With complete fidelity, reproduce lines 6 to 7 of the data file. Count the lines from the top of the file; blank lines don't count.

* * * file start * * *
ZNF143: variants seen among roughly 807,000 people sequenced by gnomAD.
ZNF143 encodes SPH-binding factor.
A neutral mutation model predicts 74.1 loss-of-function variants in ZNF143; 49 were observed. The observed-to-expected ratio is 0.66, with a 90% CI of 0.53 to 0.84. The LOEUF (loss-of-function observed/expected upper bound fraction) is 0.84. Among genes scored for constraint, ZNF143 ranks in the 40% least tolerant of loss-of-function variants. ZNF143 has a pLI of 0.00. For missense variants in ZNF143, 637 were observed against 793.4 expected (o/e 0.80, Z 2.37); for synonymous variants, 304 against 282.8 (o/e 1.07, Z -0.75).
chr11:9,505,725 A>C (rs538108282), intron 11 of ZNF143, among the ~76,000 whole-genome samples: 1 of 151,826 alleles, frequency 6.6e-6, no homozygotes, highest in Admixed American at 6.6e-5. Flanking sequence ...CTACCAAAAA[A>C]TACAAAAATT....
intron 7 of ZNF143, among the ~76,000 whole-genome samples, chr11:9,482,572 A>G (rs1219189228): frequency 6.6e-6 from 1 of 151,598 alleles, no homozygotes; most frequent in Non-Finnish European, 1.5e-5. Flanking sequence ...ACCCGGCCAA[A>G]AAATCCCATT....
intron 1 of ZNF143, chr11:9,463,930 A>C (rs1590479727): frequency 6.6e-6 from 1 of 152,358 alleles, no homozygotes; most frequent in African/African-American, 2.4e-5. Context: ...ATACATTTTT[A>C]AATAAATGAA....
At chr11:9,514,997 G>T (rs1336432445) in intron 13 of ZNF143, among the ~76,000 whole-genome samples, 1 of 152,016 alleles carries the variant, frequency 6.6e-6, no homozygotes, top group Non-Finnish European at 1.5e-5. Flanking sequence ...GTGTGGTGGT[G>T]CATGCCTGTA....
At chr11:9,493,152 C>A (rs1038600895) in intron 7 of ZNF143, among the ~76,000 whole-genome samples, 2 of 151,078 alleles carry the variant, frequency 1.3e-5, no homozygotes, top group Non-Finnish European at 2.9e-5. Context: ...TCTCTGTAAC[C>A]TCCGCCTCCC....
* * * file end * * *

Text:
intron 1 of ZNF143, chr11:9,463,930 A>C (rs1590479727): frequency 6.6e-6 from 1 of 152,358 alleles, no homozygotes; most frequent in African/African-American, 2.4e-5. Context: ...ATACATTTTT[A>C]AATAAATGAA....
At chr11:9,514,997 G>T (rs1336432445) in intron 13 of ZNF143, among the ~76,000 whole-genome samples, 1 of 152,016 alleles carries the variant, frequency 6.6e-6, no homozygotes, top group Non-Finnish European at 1.5e-5. Flanking sequence ...GTGTGGTGGT[G>T]CATGCCTGTA....